The budget for these projects was:

  • £100,000 for the brochure,
  • £80,000 for a video news release production, and
  • £80,000 for a speaking tour of 10 key markets to sell the idea to politicians.

They also put aside production costs of £70,000 for AGORA to produce a separate video "featuring independent academics and advertising practitioners giving their views [on advertising] of the tobacco and alcohol industries.
See:  https://www.industrydocuments.ucsf.edu/docs/htph0219
"Risk Assessment" was a modified form of cost-benefit analysis taught at some Business Colleges under the name "Decision Sciences". A number of industries with polluting and poisoning problems were trying to impose 'risk assessment' onto the regulators to replace their traditional reliance on toxicology and epidemiology. The idea here was to generate accountancy figures for, say, 'the relief of worker stress', that could be claimed as a benefit in increased productivity from smoking; offsetting its "social cost".

The value of diversity.

The UK organisers of ARISE, Professors David Warburton of Reading University, and Ian Hindmarch of Surrey University could both claim to be specialised nicotine researchers (as were a few others in the small group). Other members, like Gert Kobal were specialists in the food industry. This diversity of industries meant that they weren't automatically seen as spokespeople for cigarettes, while using the local media to denounce claims that cigarettes were addictive by talking about cocaine and heroin. They said that smoking was simply 'pleasantly habituating'.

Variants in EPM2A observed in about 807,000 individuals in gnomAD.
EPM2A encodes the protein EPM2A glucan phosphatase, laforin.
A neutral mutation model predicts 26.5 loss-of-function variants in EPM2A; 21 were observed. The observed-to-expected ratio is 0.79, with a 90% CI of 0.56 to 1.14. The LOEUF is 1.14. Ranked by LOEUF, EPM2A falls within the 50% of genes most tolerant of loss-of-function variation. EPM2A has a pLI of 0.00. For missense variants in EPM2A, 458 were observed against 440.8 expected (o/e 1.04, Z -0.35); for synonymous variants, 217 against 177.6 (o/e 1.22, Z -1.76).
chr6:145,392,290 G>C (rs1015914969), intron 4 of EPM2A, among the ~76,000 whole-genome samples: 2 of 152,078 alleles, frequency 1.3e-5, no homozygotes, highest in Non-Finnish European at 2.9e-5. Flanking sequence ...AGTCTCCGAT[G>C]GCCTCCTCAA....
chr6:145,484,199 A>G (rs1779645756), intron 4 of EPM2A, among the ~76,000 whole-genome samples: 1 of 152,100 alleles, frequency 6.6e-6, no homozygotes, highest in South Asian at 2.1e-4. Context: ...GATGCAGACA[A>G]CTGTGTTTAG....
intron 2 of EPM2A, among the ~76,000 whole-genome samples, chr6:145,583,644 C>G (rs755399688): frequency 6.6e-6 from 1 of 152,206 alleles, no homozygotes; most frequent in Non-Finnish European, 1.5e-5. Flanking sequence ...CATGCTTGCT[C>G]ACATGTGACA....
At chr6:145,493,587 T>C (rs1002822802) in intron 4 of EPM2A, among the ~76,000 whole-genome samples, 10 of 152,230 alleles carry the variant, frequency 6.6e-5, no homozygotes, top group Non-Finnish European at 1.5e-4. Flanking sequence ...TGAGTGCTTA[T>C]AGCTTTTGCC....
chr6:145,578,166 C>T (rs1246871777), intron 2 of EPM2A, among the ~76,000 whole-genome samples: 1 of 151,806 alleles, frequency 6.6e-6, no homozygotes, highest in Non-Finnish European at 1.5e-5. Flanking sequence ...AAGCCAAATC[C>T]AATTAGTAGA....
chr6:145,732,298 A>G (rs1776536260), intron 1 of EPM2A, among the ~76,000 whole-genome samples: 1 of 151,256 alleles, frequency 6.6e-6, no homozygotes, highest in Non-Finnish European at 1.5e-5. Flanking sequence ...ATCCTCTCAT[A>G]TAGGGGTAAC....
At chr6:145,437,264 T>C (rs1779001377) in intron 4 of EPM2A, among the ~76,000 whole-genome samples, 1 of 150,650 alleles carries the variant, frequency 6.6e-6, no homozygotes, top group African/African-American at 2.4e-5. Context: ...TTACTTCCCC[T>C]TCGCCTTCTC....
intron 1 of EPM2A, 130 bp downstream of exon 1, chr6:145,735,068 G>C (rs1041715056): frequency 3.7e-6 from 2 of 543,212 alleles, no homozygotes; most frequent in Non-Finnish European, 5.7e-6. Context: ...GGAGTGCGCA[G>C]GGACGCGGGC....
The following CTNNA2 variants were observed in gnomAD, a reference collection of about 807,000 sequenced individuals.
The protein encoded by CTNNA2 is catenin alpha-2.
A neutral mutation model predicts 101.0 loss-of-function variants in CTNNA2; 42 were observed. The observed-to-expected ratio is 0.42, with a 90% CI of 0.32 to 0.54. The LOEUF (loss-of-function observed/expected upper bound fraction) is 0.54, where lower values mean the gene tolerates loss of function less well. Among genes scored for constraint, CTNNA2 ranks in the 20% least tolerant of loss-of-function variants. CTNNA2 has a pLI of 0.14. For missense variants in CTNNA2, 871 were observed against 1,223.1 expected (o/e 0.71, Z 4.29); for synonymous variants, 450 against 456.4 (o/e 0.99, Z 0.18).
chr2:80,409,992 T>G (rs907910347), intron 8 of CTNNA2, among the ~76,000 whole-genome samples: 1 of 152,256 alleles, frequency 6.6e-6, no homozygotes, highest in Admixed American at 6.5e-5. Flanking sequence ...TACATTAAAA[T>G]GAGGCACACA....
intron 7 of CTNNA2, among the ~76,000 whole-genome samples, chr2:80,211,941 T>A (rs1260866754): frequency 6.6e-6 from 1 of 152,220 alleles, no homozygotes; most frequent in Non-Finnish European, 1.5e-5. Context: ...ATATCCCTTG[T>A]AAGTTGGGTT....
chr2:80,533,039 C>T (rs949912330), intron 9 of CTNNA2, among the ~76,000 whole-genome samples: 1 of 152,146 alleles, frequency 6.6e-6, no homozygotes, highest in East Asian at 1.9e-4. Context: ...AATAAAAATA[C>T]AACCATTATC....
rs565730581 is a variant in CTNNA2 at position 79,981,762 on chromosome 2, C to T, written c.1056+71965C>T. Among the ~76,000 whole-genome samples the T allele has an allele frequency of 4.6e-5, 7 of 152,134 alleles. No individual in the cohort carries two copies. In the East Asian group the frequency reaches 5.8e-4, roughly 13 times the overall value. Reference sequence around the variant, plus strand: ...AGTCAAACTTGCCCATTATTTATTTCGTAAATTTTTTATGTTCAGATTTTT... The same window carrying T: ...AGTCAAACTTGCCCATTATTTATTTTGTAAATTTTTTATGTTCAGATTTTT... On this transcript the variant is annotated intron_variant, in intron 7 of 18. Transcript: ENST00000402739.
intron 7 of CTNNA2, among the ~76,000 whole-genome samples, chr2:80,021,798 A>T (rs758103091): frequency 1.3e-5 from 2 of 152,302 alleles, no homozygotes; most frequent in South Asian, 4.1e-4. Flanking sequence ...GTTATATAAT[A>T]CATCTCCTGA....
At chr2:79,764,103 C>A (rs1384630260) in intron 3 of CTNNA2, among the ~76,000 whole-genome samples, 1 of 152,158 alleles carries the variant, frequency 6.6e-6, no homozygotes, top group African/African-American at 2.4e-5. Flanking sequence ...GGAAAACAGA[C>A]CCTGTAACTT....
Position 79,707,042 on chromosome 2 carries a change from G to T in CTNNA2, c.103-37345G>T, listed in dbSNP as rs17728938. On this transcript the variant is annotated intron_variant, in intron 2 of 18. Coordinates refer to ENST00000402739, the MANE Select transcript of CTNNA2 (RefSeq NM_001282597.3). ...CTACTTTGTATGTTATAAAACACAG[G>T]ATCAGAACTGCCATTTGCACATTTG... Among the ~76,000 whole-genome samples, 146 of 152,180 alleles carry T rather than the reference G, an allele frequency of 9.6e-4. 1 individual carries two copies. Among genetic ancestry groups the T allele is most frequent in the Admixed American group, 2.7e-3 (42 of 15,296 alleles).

Few researchers, commentators or journalists believed this for a minute, but it made a good story when sprouted by a professor of psycho-pharmacology. In fact it was sufficiently sensational to generate a storm of media stories which suggested to the nicotine addicts that the science was still not settled, so they could always give up later. This excuse was all the excuse a country's major political parties needed to avoid taking action to ban smoking and upset their potential voters.

A later report to BAT.

At this stage the ARISE operation was under the control of the British American Tobacco, and apparently also with Cadbury-Schweppes (BAT may have owned it at this time).
    In Australia, the Cadbury Schweppes production office was listed as being within the "Food beverages and tobacco industries" and owned by Nelson Tobacco Co Pty Ltd and Allen's Confectionery Ltd.

Obviously they had conducted some sort of a survey, however the member's wouldn't have had either the financial capacity or the interest in this sort of research. The tobacco industry was also obviously financing the ARISE newsletter and the April workshop in Amsterdam.

The source document for this ARISE letter is 26 pages and can be found here. (It has been scanned sideways).

Also worth looking at is a long report on media exposure arising from the November 1994 ARISE meetings which were more in the nature of a tour, since they were held in Australia, New Zealand and Hong Kong. NOTE: However the source document is 80 pages in length and has also been misscanned: See here

There is also a later Kyoto conference report worth checking: https://www.industrydocuments.ucsf.edu/docs/zpvh0053

Documents in UCSF archive
ARISE + Warburton - 2,734
Bernard Levin - 361
Auberon Waugh - 321
"Nanny state" - 1035

Stewart Fist,
70 Middle Harbour Road,
Lindfield NSW 2070

    Contact: editor@sciencecorruption.com